Les Contes d'Hoffmann, Royal Opera House, London<br></br>A Grand Night Out, Grand Theatre, Leeds

The search for the ideal woman - it feels like the beginning of an affair
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The Independent Culture

Whatever the discipline, watching winners receive their dues makes me cry. Sally Field's Oscar speech? A killer. Torvill and Dean's gold medal? Same again. Emotion is infectious. But the last thing I expected from the seventh revival of the late John Schlesinger's 1980 Covent Garden production of Les Contes d'Hoffmann was an Academy Award-sized gulp of salty sentiment at the curtain call. Then again, this was a true Hollywood moment. It's not every day that a star is born.

With a brilliant baritonal core that recalls the young Domingo and well-nurtured, easy top notes, Ronaldo Villazón - whose Royal Opera House debut this was - is going to be a very big name. A singer of demonstrable musical intelligence, he's a strikingly fluent actor too. Who knows what transpired between his unremarkable Glyndebourne debut in La Bohème and the first night of Hoffmann but this an artist transformed.

Perhaps it's just a question of finding the right role? For all Puccini's skill, Rodolfo is a cypher compared to Offenbach's charismatic drunk. And for a work that spins by in an apparent whirl of decadence, spectacle and sensuality, the narrative of Hoffmann is surprisingly sober. Though Hoffmann's ideal woman must combine the qualities of "artiste, jeune fille, et courtisane", Olympia, Giulietta and Antonia - played here by Ekaterina Siurina, Jennifer Larmore, and Elena Kelessidi - all fail him: the first because she is nothing but a brilliantly-constructed doll, the second because she's a whore, and the third because she dies. Oh dear. At one level, therefore, Les Contes d'Hoffmann can be read as misogynistic. But its hero's foibles are equally apparent, and Olympia's lack of authenticity is a potent symbol for a technically fluent writer - or composer - who fears a lack of soul in his own art. Each of these women can be interpreted as projections of Hoffmann's faults, feared or real, and in every case our besotted sot is outsmarted by a stronger man: the Lindorf/Coppélius/ Dappertutto/Miracle figure (Willard White). Only the Muse of Poetry (Ruxandra Donose) - disguised as Hoffmann's male companion, Nikolaus - remains constant, and this platonic relationship is surely the best medicine for an alcoholic author enfeebled by syphilis.

The Covent Garden formula of zesting up a classic with young talent is pushed to the limit here, but Villazón's subtlety balances the camp excesses of designer William Dudley's sets. I wonder whether revival director Richard Gregson spent so much time with him that he overlooked the rest? Larmore looks more hungry than sexually voracious, while White is oddly diffident. Though much of the orchestral playing is delicious, conductor Richard Hickox is too stolid a stylist for Offenbach's delicate, witty, sexy score. Vocally too, there is little to get excited about beyond Siurina's superb coloratura and Villazón. And the fabulous Jean-Paul Fouchécourt (Andrès/ Cochenille/Pittichinacio/ Frantz) should have been paid double for listening to his native tongue being mauled by the variously Russian, Greek and Mexican accents of his fellow singers.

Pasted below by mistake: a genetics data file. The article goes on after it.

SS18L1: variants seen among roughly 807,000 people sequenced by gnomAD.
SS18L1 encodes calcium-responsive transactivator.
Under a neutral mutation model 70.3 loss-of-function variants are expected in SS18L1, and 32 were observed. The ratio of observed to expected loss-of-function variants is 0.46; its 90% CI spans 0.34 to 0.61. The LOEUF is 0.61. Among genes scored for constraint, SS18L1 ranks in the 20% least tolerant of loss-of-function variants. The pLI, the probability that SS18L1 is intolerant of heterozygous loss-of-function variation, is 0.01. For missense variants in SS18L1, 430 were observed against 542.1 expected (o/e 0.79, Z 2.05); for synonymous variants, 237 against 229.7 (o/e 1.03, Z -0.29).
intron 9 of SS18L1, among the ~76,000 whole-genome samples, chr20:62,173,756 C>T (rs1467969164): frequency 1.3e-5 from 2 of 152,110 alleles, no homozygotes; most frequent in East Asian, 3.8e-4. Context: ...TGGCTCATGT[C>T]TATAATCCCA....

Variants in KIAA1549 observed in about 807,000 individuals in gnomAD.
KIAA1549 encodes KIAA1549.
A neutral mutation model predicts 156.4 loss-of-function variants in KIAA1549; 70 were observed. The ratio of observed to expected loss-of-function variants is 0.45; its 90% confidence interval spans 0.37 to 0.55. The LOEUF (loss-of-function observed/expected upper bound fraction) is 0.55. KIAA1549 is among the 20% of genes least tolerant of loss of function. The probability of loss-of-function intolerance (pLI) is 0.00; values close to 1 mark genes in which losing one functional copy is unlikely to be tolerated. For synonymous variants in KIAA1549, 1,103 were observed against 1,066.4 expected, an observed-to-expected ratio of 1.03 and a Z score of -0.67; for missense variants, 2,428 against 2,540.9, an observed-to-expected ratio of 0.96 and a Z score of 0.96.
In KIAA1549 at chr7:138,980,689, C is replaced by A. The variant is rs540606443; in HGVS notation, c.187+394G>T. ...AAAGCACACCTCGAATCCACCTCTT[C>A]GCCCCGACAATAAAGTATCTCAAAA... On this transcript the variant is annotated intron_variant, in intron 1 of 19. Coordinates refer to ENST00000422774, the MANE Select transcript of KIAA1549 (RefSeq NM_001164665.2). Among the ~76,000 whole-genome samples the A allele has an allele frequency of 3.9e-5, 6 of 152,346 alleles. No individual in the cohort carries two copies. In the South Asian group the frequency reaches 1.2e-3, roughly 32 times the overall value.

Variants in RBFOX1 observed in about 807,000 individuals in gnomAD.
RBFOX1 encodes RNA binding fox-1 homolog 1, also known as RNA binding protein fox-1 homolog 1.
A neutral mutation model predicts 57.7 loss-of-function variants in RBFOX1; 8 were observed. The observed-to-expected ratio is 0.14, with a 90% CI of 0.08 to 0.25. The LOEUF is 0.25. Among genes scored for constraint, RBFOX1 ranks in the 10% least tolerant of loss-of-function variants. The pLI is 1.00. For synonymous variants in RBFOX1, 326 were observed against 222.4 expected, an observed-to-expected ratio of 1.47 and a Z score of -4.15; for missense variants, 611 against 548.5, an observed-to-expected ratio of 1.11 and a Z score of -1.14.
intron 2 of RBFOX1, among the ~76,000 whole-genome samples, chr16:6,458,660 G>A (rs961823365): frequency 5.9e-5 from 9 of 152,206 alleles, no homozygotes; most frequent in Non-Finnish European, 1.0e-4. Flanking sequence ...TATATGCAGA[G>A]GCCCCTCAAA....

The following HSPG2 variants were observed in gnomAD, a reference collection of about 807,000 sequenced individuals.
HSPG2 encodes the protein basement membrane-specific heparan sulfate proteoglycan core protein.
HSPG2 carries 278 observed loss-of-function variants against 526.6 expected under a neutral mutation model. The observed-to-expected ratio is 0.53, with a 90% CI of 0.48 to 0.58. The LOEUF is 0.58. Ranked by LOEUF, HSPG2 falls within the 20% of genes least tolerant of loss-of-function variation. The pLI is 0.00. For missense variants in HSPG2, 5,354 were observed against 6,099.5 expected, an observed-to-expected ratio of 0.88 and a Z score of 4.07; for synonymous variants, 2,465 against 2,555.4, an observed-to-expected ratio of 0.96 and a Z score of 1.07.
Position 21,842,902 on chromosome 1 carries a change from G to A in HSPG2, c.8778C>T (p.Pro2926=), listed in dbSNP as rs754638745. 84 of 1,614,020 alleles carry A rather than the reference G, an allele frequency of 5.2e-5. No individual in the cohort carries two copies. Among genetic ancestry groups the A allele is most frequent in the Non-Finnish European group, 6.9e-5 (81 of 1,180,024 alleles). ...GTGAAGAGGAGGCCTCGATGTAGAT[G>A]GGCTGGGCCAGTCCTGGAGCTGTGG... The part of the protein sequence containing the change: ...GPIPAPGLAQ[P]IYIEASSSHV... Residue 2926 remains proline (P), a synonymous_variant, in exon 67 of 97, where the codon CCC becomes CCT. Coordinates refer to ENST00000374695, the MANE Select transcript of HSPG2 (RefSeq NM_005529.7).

For me, this Hoffmann - my first - feels like the beginning of an affair. I've lost sleep puzzling over its subtleties and as soon as an opportunity arises to catch the opera again - in period costume, Sixties plastics or post-apocalyptic body-armour - that stash of rainy-day air-miles will disappear. Like ETA Hoffmann himself, I'm looking for an ideal: a visually creative, musically stylish, dramatically persuasive production in an intimate setting, performed in the correct sequence by a Francophone cast. In the meantime, one intoxicatingly enthusiastic Mexican tenor will more than suffice.

Whither English National Opera? Nixon in China has been axed - making this the second time that a Peter Sellars production has been scheduled to re-open a London opera house and subsequently cancelled - and a new opening night for Rhinegold is still to be confirmed. Whither British opera in general, when Scottish Opera can produce a stunning Ring Cycle that only four cities are allowed to host under the current Arts Council regime? Can I suggest a solution? Put Paul Wade in charge.

Who? He's the Opera North chorus member who motivated 28 soloists, three conductors, a great pit orchestra and more than 80 other singers from four opera companies to create A Grand Night Out: British opera's celebration of the life of soprano Susan Chilcott, who died last year at the horribly young age of 40. The man so modest that he asked Robin Hart, the compère in Phyllida Lloyd's beautifully directed evening of musical tributes, not to mention him by name. (Sorry, Paul.) But it was love, not money or politics or ambition, that brought these musicians to Leeds last Sunday. We laughed and, inevitably, we cried too. Everyone there will have their own special moments, but the whole of A Grand Night Out was - like the woman whose life and work it honoured - so very much greater than the sum of its parts.

a.picard@independent.co.uk

'Les Contes d'Hoffmann': Royal Opera House, London WC2 (020 7304 4000) to 17 Feb

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